Reflections on The draining of the Somerset Levels

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  • The information, practices and views in this article are those of the author(s) and do not necessarily reflect the opinion of the Royal Geographical Society (with IBG).

Abstract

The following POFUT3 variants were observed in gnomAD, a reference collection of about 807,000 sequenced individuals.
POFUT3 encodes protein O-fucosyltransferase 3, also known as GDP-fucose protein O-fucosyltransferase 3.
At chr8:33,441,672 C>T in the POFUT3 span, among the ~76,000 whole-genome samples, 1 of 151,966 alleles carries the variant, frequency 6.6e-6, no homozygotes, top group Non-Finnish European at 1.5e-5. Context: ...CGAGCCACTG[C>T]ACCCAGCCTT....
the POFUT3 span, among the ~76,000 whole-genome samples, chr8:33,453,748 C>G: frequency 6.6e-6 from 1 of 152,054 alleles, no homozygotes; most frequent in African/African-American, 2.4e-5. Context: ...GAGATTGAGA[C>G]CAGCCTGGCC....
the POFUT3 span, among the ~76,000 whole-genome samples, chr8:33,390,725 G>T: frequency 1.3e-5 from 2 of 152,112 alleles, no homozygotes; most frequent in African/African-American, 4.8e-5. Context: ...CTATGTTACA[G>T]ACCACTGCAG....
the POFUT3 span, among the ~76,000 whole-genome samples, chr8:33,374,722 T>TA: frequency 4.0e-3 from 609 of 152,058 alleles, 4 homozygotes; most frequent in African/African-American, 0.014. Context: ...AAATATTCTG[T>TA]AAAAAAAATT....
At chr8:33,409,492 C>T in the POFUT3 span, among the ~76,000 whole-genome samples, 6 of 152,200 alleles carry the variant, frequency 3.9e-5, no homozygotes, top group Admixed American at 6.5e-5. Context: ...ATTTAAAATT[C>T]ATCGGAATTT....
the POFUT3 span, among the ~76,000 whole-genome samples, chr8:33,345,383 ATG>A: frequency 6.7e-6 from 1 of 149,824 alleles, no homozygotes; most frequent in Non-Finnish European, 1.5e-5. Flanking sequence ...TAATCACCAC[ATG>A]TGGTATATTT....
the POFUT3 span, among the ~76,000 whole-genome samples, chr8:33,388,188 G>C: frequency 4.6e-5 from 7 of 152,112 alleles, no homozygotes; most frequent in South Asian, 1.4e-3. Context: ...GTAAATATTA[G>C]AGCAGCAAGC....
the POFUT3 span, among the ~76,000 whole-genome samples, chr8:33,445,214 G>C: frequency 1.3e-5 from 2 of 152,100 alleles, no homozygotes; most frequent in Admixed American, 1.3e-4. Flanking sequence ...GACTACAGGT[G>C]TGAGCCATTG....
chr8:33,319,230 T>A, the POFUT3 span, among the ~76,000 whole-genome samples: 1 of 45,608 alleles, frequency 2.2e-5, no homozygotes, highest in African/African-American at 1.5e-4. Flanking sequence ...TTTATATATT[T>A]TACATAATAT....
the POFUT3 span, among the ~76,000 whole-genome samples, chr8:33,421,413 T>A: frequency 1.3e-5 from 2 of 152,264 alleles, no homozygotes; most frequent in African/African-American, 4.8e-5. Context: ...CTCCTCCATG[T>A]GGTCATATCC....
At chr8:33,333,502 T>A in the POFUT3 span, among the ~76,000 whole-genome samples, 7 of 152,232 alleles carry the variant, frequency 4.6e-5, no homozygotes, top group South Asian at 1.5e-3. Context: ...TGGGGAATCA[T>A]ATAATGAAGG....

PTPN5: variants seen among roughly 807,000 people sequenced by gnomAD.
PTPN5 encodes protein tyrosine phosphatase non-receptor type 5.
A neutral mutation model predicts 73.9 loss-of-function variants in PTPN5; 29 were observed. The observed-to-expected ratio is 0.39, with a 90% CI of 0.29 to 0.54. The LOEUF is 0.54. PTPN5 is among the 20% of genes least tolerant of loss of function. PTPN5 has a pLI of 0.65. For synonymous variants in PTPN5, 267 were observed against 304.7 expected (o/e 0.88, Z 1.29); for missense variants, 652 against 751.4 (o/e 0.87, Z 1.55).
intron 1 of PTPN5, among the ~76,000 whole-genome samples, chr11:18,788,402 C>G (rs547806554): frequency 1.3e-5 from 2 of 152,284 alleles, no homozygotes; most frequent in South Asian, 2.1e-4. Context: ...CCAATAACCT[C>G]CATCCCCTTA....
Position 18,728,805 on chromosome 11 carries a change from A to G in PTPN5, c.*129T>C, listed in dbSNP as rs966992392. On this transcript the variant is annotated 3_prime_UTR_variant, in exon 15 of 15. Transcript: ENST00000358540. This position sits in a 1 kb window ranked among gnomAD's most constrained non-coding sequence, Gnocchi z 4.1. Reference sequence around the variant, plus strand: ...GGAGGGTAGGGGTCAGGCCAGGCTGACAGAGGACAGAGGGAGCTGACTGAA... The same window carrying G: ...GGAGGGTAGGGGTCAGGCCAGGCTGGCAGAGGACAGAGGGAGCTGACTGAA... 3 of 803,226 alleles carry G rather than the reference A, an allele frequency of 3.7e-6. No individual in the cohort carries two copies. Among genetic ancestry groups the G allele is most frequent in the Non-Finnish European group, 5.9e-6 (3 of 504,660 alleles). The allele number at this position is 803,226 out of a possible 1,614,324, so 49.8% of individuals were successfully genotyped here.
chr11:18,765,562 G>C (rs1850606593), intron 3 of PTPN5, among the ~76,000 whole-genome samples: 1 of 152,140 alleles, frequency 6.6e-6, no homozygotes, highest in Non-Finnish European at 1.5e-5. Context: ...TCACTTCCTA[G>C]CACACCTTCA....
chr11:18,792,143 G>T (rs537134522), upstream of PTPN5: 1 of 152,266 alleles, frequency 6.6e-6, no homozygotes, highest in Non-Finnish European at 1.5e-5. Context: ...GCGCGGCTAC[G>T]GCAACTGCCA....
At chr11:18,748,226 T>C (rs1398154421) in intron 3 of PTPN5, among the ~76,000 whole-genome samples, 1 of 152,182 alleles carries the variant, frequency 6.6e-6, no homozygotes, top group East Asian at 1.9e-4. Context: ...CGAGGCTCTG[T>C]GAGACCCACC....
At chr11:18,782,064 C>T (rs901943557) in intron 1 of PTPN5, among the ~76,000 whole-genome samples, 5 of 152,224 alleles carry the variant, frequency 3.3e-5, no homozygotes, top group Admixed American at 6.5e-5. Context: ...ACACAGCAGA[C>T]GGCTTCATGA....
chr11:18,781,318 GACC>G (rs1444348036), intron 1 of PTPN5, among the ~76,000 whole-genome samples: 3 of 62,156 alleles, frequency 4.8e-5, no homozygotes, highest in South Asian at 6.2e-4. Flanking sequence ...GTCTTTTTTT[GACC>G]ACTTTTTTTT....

Several messages emerge from reading this monograph in the light of the floods of 2013–14. Michael Williams showed that attempts at water control in the Levels extended over many centuries, and that construction of farms and settlements on very low-lying land carried major risks. There were precedents for the recent magnitude of flooding, caused in the past by very heavy rainfall, poor maintenance of channels, and insufficient investment in water management. Despite modern pumps, winter flooding remains uncontrollable without massive investment. Unlike his earlier emphasis on ‘improvement’, Williams argued in later writing that some stretches of peat moor in Somerset might be conserved as wetland rather than being subjected to further drainage.

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